Two weeks before the state is set to license the first recreational marijuana stores in Washington state, the city of Fife is headed toward banning all pot operations.
Despite a planning commission proposal that would have limited the number of retailers to fewer than five, council members said they were too uneasy about the uncharted territory and legal contradictions, voting 5-2 to ban any and all marijuana operations in the city.
The decision follows six months of research and discussion that resulted in a detailed planning commission recommendation favoring marijuana businesses within the city limits, prompted by a voter-approved Initiative 502.
Mayor Tim Curtis and council members Barry Johnson, Lew Wolfrom, Pat Hulcey and Rob Cerqui voted for the ban. Council members Winston Marsh and Bryan Yambe – though not outwardly supportive of the planning commission proposal – opposed an outright ban.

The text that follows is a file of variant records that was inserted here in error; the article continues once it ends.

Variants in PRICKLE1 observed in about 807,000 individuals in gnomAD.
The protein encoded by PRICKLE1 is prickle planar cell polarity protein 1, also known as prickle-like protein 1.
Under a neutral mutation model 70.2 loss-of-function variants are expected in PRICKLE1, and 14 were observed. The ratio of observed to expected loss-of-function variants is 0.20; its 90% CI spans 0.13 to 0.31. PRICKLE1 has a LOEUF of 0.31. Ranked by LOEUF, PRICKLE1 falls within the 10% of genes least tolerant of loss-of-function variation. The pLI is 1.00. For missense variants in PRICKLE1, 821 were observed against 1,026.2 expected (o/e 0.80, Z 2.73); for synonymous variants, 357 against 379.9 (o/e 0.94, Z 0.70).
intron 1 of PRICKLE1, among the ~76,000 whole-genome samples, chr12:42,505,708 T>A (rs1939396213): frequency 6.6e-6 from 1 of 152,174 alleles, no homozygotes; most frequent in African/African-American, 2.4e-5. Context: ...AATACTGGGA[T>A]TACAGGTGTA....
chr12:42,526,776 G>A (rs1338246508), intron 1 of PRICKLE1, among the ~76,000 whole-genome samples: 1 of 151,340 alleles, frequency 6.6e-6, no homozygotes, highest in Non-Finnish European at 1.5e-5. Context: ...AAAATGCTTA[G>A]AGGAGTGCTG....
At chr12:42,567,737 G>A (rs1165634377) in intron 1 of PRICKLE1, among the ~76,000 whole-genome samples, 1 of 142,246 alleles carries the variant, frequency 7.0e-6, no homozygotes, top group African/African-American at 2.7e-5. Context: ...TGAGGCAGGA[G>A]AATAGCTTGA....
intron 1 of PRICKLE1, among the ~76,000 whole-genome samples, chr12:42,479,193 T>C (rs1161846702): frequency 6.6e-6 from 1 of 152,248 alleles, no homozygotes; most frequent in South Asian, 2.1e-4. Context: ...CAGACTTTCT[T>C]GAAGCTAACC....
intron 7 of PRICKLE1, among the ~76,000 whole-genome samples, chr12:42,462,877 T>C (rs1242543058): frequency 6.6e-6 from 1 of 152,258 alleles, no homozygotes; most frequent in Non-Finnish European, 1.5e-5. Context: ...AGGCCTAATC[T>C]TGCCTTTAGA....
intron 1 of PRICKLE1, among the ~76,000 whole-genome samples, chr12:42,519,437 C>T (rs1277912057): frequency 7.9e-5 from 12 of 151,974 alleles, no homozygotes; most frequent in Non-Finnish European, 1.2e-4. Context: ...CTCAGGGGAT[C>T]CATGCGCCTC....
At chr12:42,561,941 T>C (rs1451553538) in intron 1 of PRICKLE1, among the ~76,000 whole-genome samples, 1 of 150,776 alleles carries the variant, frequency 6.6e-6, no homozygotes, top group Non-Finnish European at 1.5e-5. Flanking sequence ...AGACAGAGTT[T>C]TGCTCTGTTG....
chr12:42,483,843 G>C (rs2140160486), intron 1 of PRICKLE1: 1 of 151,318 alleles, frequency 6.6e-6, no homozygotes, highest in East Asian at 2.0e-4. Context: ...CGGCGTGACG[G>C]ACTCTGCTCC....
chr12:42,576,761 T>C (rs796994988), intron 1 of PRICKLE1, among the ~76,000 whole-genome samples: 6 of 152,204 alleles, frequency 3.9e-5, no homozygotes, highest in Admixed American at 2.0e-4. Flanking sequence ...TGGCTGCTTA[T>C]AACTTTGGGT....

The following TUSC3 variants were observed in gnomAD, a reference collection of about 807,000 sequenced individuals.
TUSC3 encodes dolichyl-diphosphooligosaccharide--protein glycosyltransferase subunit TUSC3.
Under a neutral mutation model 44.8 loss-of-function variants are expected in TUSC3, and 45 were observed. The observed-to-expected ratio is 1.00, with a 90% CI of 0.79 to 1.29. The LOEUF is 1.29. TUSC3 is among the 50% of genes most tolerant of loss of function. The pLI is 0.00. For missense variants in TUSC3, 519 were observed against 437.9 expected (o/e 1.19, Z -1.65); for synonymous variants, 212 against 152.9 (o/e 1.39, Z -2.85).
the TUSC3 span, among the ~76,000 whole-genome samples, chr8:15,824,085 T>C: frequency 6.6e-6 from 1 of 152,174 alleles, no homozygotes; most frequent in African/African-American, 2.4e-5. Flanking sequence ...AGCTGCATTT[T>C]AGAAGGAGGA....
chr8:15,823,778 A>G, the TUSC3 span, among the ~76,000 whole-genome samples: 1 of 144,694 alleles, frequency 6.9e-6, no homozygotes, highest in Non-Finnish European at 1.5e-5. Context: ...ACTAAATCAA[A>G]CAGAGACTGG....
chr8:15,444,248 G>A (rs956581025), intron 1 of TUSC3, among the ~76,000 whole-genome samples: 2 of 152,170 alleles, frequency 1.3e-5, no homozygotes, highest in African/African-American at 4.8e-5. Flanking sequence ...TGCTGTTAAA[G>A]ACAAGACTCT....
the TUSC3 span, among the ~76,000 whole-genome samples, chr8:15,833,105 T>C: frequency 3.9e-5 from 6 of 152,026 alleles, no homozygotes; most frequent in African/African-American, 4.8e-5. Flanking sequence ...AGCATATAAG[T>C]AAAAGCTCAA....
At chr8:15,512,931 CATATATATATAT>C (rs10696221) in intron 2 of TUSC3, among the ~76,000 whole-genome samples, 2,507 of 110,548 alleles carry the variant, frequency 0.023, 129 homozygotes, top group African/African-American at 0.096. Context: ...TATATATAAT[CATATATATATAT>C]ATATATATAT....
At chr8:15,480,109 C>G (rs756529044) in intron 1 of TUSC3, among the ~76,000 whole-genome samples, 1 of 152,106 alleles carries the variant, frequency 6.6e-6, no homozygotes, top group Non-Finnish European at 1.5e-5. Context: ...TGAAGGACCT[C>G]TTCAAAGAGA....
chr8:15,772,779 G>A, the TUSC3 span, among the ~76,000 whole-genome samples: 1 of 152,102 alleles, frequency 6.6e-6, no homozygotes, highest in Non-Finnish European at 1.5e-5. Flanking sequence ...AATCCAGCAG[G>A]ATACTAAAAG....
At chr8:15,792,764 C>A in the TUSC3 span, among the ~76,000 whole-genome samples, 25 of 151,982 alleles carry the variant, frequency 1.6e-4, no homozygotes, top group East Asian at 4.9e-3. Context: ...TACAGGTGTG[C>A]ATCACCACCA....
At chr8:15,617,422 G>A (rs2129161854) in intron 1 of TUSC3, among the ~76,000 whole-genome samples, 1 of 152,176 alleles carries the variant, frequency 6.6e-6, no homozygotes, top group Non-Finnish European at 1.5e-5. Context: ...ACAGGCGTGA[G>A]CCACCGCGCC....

Sign Up and Save
Get six months of free digital access to The News Tribune
Hulcey said his primary issue was a lack of financial benefit to the city, noting that the state would receive all the tax revenue.
“I just don’t think it’s fair to the city that we aren’t receiving any tax money from these businesses,” he said.
Wolfrom’s primary concern was the contradiction between state and federal law: “It’s still too muddled.”
A final council vote is likely next month.
The planning commission proposal would have allowed retailers in some areas of a regional commercial zone, primarily along Pacific Highway East. Producers and processors would have been permitted in industrial zones, primarily along the perimeter of the city limits.
Among other limitations, the proposal also would have required retailers to have frontages along Pacific Highway – meaning the land parcels would have to touch the street – and be spaced at least 2,500 feet apart. The two rules combined would have limited the number of stores allowed in the city to no more than five, and likely fewer given the available space along the highway.